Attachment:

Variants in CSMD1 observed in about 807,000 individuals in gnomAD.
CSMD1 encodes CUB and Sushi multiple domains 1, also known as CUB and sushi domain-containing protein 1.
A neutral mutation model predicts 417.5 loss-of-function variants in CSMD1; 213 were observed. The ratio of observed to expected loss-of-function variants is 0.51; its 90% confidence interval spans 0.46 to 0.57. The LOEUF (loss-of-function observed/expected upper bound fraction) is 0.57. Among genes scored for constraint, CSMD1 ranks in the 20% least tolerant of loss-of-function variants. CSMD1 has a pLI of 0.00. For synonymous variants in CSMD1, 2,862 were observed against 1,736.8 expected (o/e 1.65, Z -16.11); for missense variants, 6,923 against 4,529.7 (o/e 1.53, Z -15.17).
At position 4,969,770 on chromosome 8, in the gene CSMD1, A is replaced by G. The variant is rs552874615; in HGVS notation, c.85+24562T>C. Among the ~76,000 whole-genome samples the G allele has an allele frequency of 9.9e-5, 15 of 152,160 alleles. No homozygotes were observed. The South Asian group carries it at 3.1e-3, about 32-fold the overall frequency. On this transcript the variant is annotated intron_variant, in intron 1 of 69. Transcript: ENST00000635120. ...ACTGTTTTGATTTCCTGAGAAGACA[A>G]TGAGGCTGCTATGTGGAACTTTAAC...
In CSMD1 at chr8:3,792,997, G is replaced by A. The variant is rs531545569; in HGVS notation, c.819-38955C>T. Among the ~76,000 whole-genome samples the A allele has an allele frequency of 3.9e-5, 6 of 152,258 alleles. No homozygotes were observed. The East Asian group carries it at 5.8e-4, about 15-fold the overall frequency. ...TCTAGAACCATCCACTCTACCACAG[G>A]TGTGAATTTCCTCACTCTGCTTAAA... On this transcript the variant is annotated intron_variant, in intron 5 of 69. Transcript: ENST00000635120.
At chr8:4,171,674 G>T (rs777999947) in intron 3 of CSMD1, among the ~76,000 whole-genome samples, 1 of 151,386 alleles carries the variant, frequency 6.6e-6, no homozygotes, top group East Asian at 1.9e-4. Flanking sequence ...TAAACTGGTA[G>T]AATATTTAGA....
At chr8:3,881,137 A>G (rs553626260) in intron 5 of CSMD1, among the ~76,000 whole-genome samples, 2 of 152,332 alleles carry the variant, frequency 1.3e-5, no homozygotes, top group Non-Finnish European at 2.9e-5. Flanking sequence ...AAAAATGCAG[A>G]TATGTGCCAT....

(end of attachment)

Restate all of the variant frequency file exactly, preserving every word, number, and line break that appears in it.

Variants in CSMD1 observed in about 807,000 individuals in gnomAD.
CSMD1 encodes CUB and Sushi multiple domains 1, also known as CUB and sushi domain-containing protein 1.
A neutral mutation model predicts 417.5 loss-of-function variants in CSMD1; 213 were observed. The ratio of observed to expected loss-of-function variants is 0.51; its 90% confidence interval spans 0.46 to 0.57. The LOEUF (loss-of-function observed/expected upper bound fraction) is 0.57. Among genes scored for constraint, CSMD1 ranks in the 20% least tolerant of loss-of-function variants. CSMD1 has a pLI of 0.00. For synonymous variants in CSMD1, 2,862 were observed against 1,736.8 expected (o/e 1.65, Z -16.11); for missense variants, 6,923 against 4,529.7 (o/e 1.53, Z -15.17).
At position 4,969,770 on chromosome 8, in the gene CSMD1, A is replaced by G. The variant is rs552874615; in HGVS notation, c.85+24562T>C. Among the ~76,000 whole-genome samples the G allele has an allele frequency of 9.9e-5, 15 of 152,160 alleles. No homozygotes were observed. The South Asian group carries it at 3.1e-3, about 32-fold the overall frequency. On this transcript the variant is annotated intron_variant, in intron 1 of 69. Transcript: ENST00000635120. ...ACTGTTTTGATTTCCTGAGAAGACA[A>G]TGAGGCTGCTATGTGGAACTTTAAC...
In CSMD1 at chr8:3,792,997, G is replaced by A. The variant is rs531545569; in HGVS notation, c.819-38955C>T. Among the ~76,000 whole-genome samples the A allele has an allele frequency of 3.9e-5, 6 of 152,258 alleles. No homozygotes were observed. The East Asian group carries it at 5.8e-4, about 15-fold the overall frequency. ...TCTAGAACCATCCACTCTACCACAG[G>A]TGTGAATTTCCTCACTCTGCTTAAA... On this transcript the variant is annotated intron_variant, in intron 5 of 69. Transcript: ENST00000635120.
At chr8:4,171,674 G>T (rs777999947) in intron 3 of CSMD1, among the ~76,000 whole-genome samples, 1 of 151,386 alleles carries the variant, frequency 6.6e-6, no homozygotes, top group East Asian at 1.9e-4. Flanking sequence ...TAAACTGGTA[G>T]AATATTTAGA....
At chr8:3,881,137 A>G (rs553626260) in intron 5 of CSMD1, among the ~76,000 whole-genome samples, 2 of 152,332 alleles carry the variant, frequency 1.3e-5, no homozygotes, top group Non-Finnish European at 2.9e-5. Flanking sequence ...AAAAATGCAG[A>G]TATGTGCCAT....